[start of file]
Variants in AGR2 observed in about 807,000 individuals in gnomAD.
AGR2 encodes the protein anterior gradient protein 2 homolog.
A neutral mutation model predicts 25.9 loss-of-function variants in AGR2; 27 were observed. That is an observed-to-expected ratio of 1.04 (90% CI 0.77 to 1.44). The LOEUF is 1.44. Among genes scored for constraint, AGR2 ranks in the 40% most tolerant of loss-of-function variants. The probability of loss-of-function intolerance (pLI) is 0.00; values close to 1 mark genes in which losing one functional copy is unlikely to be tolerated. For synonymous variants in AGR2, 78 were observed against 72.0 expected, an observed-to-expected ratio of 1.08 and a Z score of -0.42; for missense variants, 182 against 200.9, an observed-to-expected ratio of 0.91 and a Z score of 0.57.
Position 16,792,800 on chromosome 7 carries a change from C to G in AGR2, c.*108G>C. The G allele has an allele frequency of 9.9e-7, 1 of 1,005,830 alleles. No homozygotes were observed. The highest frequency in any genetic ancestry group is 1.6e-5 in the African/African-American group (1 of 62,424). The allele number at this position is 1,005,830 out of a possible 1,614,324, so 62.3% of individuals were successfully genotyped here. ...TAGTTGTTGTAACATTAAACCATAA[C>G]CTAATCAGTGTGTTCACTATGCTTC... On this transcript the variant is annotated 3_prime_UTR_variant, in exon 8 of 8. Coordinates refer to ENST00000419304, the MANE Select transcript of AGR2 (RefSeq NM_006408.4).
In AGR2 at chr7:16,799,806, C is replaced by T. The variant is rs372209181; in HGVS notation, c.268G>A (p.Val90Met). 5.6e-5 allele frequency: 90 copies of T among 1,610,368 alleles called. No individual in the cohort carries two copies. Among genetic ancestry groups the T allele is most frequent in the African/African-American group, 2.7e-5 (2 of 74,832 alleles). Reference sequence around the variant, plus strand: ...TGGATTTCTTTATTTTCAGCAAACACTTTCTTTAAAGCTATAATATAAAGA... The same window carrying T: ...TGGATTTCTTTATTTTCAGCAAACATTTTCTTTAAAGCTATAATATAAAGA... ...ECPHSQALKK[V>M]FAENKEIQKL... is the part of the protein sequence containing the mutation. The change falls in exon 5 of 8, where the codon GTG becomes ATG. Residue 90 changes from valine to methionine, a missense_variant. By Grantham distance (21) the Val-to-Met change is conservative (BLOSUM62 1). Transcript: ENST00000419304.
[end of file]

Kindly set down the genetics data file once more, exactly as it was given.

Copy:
Variants in AGR2 observed in about 807,000 individuals in gnomAD.
AGR2 encodes the protein anterior gradient protein 2 homolog.
A neutral mutation model predicts 25.9 loss-of-function variants in AGR2; 27 were observed. That is an observed-to-expected ratio of 1.04 (90% CI 0.77 to 1.44). The LOEUF is 1.44. Among genes scored for constraint, AGR2 ranks in the 40% most tolerant of loss-of-function variants. The probability of loss-of-function intolerance (pLI) is 0.00; values close to 1 mark genes in which losing one functional copy is unlikely to be tolerated. For synonymous variants in AGR2, 78 were observed against 72.0 expected, an observed-to-expected ratio of 1.08 and a Z score of -0.42; for missense variants, 182 against 200.9, an observed-to-expected ratio of 0.91 and a Z score of 0.57.
Position 16,792,800 on chromosome 7 carries a change from C to G in AGR2, c.*108G>C. The G allele has an allele frequency of 9.9e-7, 1 of 1,005,830 alleles. No homozygotes were observed. The highest frequency in any genetic ancestry group is 1.6e-5 in the African/African-American group (1 of 62,424). The allele number at this position is 1,005,830 out of a possible 1,614,324, so 62.3% of individuals were successfully genotyped here. ...TAGTTGTTGTAACATTAAACCATAA[C>G]CTAATCAGTGTGTTCACTATGCTTC... On this transcript the variant is annotated 3_prime_UTR_variant, in exon 8 of 8. Coordinates refer to ENST00000419304, the MANE Select transcript of AGR2 (RefSeq NM_006408.4).
In AGR2 at chr7:16,799,806, C is replaced by T. The variant is rs372209181; in HGVS notation, c.268G>A (p.Val90Met). 5.6e-5 allele frequency: 90 copies of T among 1,610,368 alleles called. No individual in the cohort carries two copies. Among genetic ancestry groups the T allele is most frequent in the African/African-American group, 2.7e-5 (2 of 74,832 alleles). Reference sequence around the variant, plus strand: ...TGGATTTCTTTATTTTCAGCAAACACTTTCTTTAAAGCTATAATATAAAGA... The same window carrying T: ...TGGATTTCTTTATTTTCAGCAAACATTTTCTTTAAAGCTATAATATAAAGA... ...ECPHSQALKK[V>M]FAENKEIQKL... is the part of the protein sequence containing the mutation. The change falls in exon 5 of 8, where the codon GTG becomes ATG. Residue 90 changes from valine to methionine, a missense_variant. By Grantham distance (21) the Val-to-Met change is conservative (BLOSUM62 1). Transcript: ENST00000419304.